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Valentine.gr  

June 2006

Did you know that Dioscorides already recognized the medicinal powers of Purslane (Portulaca oleracea) as he said that "it reduces the desire to fornicate"?

Portulaca grandiflora 

Portulaca - Portulalca spp.

Portulaca is a small group of trailing annuals. P. grandiflora, Sun Plant, is a popular kind native of Brazil. The sprawling stems grow 4 or 5 inches long and are clothed with somewhat succulent, cylindrical leaves. Several large flowers, up to an inch in diameter, grow at the ends of the stems. They come in an array of bright, beautiful colors; purple, scarlet, yellow and pink are just a few. There are both single- and double-flowered varieties. P. oleracea, the common Purslane, can grow up to 6 inches high. It is from southern Europe and can be an annoying garden weed. This and a variety of it, P. oleracea variety sativa can be grown in the vegetable garden. Even the weedy wild Purslane is good used as a potherb or in a salad, but the cultivated variety is larger and more tender. 

Purslane is a trailing annual with reddish, fleshy stems whose joints will form roots when they come in contact with the ground. The fleshy leaves are spoon shaped and up to 2 inches long and the small flowers are a brilliant yellow. Cultivated Purslane (also known as Pusley & Verdolaga) grows about 3 inches high and 12 to 18 inches wide. The plants are succulent and delicate. 

The diversity of Portulaca names and meanings already gives an idea of the age and geographical dispersion of purslane's cultivation or use. On the basis of historical, archaeological and linguistic documentation, De Candolle thought that this species was cultivated more than 4 000 years ago. Its common names come from different roots: lonica or louina (Sanskrit), koursa (Hindustani), kholza and perpehen (Persian), adrajne agria (Greek), portulaca (Latin, which means "little door", because of the way its capsule opens). 

As a medicinal plant, it is considered to have antiscorbutic, diuretic and cooling properties. Dioscorides already recognized its medicinal powers: these were anti-inflammatory (eyes) and analgesic (headache), emollient and soothing, antifebrifuge (in juice) and anthelmintic. He also says that "it reduces the desire to fornicate". In the latter sense, other authors also mention its anaphrodisiac powers (1837 Codex of the Spanish Pharmacopoeia), including this plant among the "four cold seeds", together with chicory, endive and lettuce. The anaphrodisiac effect is perhaps due to the presence of norepinephrin, a precursor of adrenalin, which causes a reduction in the blood flow through constriction of the main arteries. The juice and aqueous extracts from the plant Portulaca oleracea have been used in West Africa for a variety of medical purposes, and extracts were previously shown to have muscle relaxant properties on isolated nerve-muscle preparations.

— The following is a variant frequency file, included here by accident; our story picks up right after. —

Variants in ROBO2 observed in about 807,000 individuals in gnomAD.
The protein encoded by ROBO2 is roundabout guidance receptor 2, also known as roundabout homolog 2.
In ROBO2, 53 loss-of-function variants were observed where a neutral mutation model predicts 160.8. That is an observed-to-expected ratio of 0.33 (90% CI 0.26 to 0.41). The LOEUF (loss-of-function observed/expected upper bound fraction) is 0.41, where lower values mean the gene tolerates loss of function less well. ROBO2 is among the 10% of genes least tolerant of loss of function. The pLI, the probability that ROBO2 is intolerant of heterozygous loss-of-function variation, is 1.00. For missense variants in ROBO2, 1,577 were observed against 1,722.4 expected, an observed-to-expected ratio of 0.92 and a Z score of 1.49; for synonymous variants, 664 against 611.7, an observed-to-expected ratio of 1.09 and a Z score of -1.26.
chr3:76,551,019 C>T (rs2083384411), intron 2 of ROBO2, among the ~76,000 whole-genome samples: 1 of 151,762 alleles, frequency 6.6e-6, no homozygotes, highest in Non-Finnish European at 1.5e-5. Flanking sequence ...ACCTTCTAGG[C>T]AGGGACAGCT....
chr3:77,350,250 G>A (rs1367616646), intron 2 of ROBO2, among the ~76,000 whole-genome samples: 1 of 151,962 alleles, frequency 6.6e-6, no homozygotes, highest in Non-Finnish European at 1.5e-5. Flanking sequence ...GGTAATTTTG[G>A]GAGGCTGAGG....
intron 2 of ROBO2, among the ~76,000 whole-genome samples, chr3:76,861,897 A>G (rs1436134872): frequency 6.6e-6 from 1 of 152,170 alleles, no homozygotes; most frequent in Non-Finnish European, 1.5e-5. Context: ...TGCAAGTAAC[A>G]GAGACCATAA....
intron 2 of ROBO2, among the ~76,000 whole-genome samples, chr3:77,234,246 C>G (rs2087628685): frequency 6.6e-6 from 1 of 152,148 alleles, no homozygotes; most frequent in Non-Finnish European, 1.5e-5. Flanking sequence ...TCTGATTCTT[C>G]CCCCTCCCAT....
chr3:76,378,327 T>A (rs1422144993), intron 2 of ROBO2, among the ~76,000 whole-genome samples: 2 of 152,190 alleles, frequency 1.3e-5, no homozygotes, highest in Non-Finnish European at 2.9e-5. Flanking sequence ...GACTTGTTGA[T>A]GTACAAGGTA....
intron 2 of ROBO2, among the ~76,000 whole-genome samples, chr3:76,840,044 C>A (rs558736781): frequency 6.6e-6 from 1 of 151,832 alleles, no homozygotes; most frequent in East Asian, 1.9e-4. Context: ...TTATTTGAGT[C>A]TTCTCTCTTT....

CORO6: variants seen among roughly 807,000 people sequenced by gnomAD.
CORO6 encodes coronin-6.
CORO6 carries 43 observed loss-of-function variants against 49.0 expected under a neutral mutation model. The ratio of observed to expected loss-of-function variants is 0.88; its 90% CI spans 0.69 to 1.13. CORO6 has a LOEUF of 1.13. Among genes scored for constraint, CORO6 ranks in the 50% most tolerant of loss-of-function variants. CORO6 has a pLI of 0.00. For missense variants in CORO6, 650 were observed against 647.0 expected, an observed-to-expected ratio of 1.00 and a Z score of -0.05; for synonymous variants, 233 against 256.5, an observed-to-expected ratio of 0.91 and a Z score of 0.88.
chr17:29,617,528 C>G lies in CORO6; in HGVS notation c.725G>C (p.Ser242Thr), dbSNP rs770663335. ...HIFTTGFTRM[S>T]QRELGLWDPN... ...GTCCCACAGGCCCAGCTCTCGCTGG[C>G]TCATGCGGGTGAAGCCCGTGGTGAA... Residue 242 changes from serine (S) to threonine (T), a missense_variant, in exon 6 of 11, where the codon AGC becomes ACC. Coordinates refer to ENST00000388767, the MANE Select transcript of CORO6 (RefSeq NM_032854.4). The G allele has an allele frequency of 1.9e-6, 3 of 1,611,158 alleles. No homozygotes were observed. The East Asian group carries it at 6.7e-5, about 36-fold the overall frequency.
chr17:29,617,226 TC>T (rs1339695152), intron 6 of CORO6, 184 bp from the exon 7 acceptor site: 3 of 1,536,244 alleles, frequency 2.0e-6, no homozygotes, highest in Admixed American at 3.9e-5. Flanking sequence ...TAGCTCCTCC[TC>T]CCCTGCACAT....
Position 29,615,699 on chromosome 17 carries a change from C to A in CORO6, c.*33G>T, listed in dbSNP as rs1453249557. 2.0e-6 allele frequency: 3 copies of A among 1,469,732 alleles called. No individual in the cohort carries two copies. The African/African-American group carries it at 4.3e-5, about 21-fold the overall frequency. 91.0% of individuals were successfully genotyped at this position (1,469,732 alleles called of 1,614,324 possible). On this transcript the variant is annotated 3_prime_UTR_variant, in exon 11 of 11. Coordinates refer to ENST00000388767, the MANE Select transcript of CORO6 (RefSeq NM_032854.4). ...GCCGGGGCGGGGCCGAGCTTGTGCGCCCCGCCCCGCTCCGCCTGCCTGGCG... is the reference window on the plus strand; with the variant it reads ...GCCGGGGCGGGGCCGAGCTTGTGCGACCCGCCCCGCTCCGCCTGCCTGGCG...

Purslane was one of the most widespread horticultural plants in the Old World since distant times. It was taken to America where it was naturalized, as in Europe, in gardens, among rubble and at waysides. It originates from the region extending from the western Himalayas to southern Russia and Greece. In eastern Asia it does not seem to be spontaneous. In Greece it is spontaneous and cultivated. Vavilov (1951) categorizes it in the Mediterranean countries of the Near East and central Asia as a weed and vegetable.

Nowadays it is distributed over the hot temperate zones of a great part of the world. Together with other species of the genus it occurs as a weed in the majority of tropical and subtropical countries.

It is cultivated in the United Kingdom, the Netherlands and other European countries. It is a popular winter vegetable in northern India. In Spain, it very frequently occurs as a volunteer, but it is very rare as a crop. In spite of Spanish disregard for this plant, it is still valued in many Latin American countries where it was introduced.

Purslane has been eaten as a vegetable, particularly fresh. In England in the seventeenth century, the cooks of Charles II used to add its leaves to all salads, perhaps to satisfy the king's taste or else for its digestive properties. 

Not only the leaves, but also the stems and rootless plantlets can be eaten raw and fresh. Columela mentions their being eaten pickled with salt and vinegar. Purslane has a pleasant acidic flavour and is very juicy. In Spain, it is usually eaten at a more advanced stage of growth, after cooking. It is also delicious boiled and in omelettes. Sauteed in butter or fried, it is used in soups, broths, salads and sauces. Together with sorrel, it forms part of the French soup bonne femme. Recipes are also known for purslane and pea soups. In Greece a deliciously simple salad is a few lettuce leaves, fresh stalks of Purslane drizzled with olive oil.